Stephen Strange (Benedict Cumberbatch) is that kind of doctor for whom the profession has brought riches, fame and more than a slight amount of arrogance. Perhaps they are all well-deserved, but one night it is all snatched away when a terrible traffic accident on a mountain road badly injures the surgeon – the damage to his hands essentially cripples his career. With enough resources to search for ways to repair his hands, even Strange finds it hard-going – every surgeon he sees tells him the brutal truth that his career as a surgeon is over.
Desperate for even the slightest chance, he eventually finds himself in Nepal and heading to Kathmandu where one crippled man found salvation. But it is not what he expects and he soon finds himself on a very different road…. one that will make him reassess not just his priorities in life but the nature of life itself. He may never operate again, but a woman known only as ‘The Ancient One’ says his hands may yet contain a force for good. Thrust into a world of magic rather than science, Stephen Strange will have to quickly learn that despite his knowledge and talents there are still dangers beyond his understanding… and they have plans for Strange and the world itself…
With a swish of his cape, an arched eyebrow and a visual flourish, Marvel seem to have turned their products into gold once more…
Though this is the most overtly ‘magic’ of the Marvel movies to date, there’s certainly an argument to be made that it treats that magic in quite a scientific way: discussing rules, regulations, consequences and a discussion on the multiverse. La Ancient One compares Strange’s training to be a surgeon with what it will take to become a sorcerer – essentially the same as the secret to playing Carnegie Hall: ‘practice, practice, practice‘. This amounts to a mixture of lessons involving martial-arts, hand-waving and book-reading which sometimes makes the Kathmandu headquarters feel like Hogwarts East. The film is only two hours long, but even saying that, it does seem that Strange, albeit with humour and some false-starts, begins to master the basics faster than you can say ‘Muggle’.
The action, dominated by a visual-effects budget that must have eclipsed the stars’ collective salaries, largely delivers. It is telling that a modern, big-budget action movie can more concerned with mind-bending than gun-shooting (noteworthy that the only bullet in the whole enterprise is the one removed from a patient at the start of the film to show us Strange’s arrogance and skill). As seen in the trailers, spells and incantations cause the NYC city landscape (look out for the Avengers tower) to Rubik-Cube their way across the screen bringing back memories of Christopher Nolan’s Inception, though with far more fun and warmth.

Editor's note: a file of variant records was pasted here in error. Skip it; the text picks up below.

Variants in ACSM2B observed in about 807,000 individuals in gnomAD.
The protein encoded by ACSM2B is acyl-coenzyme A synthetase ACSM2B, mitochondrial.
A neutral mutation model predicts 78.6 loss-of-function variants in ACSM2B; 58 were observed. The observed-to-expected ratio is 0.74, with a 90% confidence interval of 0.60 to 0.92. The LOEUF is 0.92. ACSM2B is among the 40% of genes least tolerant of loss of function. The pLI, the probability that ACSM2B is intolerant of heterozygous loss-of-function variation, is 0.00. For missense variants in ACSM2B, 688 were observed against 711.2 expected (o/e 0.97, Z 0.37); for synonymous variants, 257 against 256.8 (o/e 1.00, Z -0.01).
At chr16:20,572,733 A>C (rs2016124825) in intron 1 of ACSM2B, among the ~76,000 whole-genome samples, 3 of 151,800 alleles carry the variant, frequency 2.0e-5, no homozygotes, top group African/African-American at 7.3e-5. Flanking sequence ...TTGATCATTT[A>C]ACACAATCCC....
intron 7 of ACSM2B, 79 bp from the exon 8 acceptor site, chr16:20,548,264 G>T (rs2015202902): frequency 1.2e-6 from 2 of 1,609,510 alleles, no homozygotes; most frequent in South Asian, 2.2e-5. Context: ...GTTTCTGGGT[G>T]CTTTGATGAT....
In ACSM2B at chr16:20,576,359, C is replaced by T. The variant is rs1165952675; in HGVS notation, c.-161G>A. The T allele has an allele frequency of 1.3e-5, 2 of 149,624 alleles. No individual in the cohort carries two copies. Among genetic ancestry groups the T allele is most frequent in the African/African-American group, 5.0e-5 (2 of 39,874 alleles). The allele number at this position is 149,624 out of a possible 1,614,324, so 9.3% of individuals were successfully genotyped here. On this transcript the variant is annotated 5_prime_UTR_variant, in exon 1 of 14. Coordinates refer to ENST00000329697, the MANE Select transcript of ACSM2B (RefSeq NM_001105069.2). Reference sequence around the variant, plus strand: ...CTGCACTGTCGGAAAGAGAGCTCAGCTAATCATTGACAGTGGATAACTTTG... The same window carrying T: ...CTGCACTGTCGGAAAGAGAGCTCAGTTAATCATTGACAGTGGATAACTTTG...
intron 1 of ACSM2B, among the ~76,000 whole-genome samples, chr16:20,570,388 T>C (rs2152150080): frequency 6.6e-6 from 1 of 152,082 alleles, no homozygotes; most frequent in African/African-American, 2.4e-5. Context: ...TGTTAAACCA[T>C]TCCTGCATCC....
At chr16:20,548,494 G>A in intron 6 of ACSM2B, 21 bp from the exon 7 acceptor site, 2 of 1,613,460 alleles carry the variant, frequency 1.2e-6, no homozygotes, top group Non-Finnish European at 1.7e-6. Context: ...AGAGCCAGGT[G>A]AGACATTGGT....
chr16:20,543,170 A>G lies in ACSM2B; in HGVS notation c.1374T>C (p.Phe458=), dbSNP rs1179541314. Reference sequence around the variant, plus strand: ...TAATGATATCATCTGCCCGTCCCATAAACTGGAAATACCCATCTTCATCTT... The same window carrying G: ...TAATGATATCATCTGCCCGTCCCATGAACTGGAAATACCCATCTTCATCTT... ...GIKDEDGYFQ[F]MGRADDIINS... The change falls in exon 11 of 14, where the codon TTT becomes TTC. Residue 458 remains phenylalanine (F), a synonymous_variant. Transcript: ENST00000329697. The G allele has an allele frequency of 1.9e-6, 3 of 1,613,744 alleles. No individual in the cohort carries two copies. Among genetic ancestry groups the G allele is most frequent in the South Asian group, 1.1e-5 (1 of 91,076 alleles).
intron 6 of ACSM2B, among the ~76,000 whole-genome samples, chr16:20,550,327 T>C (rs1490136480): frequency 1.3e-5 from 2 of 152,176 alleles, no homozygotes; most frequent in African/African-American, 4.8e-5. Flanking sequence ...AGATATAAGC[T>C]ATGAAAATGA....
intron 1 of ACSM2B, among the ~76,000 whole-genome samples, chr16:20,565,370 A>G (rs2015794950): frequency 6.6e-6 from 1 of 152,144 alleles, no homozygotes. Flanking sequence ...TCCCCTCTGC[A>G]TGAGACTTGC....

For a film about magic, no divination can hide the fact that Cumberbatch’s American accent is a distraction for the first fifteen minutes. While it’s not dreadful, it’s so unusual to hear the actor break from his usual clipped British tones that you’re likely to be focusing on that rather than the action at the start. The comic-book character is American, but a la Patrick Stewart’s Charles Xavier over in the Fox branch of the Marvel Universe, one does wonder if it might have been a better choice to play him as a British import – something that wouldn’t have truly affected any aspect of the story. Chiwetel Ejiofor is a talented but sometimes under-rated actor and gives us an earnest Mordo as a good, if conflicted ally and of whom we may learn more later. Mads Mikkelsen does best with Kaecilius, an adversary who is largely written as a formulaic bad-guy whatever his supposedly wider motivations in the moral landscape. Rachel McAdams (True Detective, Sherlock Holmes) does well enough in her limited role as Strange’s ex and fellow doctor, but she feels entirely surplus to story requirements in a throwaway role, ultimately proving far less significant than Natalie Portman’s Jane Foster in Thor or Gwyneth Paltrow in Iron Man.
It’s that latter film that Doctor Strange most resembles: the basic concept of a decent but arrogant man humbled by his own lack of self-awareness and set on a new path with an enlightened view of his place in the world – albeit it with the charismatic charm still firmly intact. In this case it’s not a wounded heart, but broken digits that act as the impetus. The fundamental differences between the solid world of mechanics and the ephemeral world of magic aside, it might well be interesting to see Stark and Strange interact in future movies with so many common traits to explore.
Despite car-crashes, life-and-death surgery and the fate of the world in its broken hands, the film is not one that takes itself too seriously – wisely making sure that a vast majority of the story is all-ages friendly. Despite some cosmic-acne to indicate evil (Kaecilius’s henchmen include the ever-reliable martial-artist and rising star Scott Adkins) and much wire-work martial-arts action mixed with CGI, there’s nothing here that would even give a nine year old nightmares. It’s presented with a knowing eye to the absurd, Strange himself initially scoffing at the potential mumbo-jumbo that he encounters before his training begins and some of the slapstick humour coming from a cloak that, once again, feels like something J K Rowling could have conjured.
It’s not perfect and nor does it push boundaries, but with two hours of action and post-credits sequences that tie it further into the Marvel universe (and perhaps give a clue to where a sequel may go) Doctor Strange still proves to be a smooth operator.
- FX / Visuals10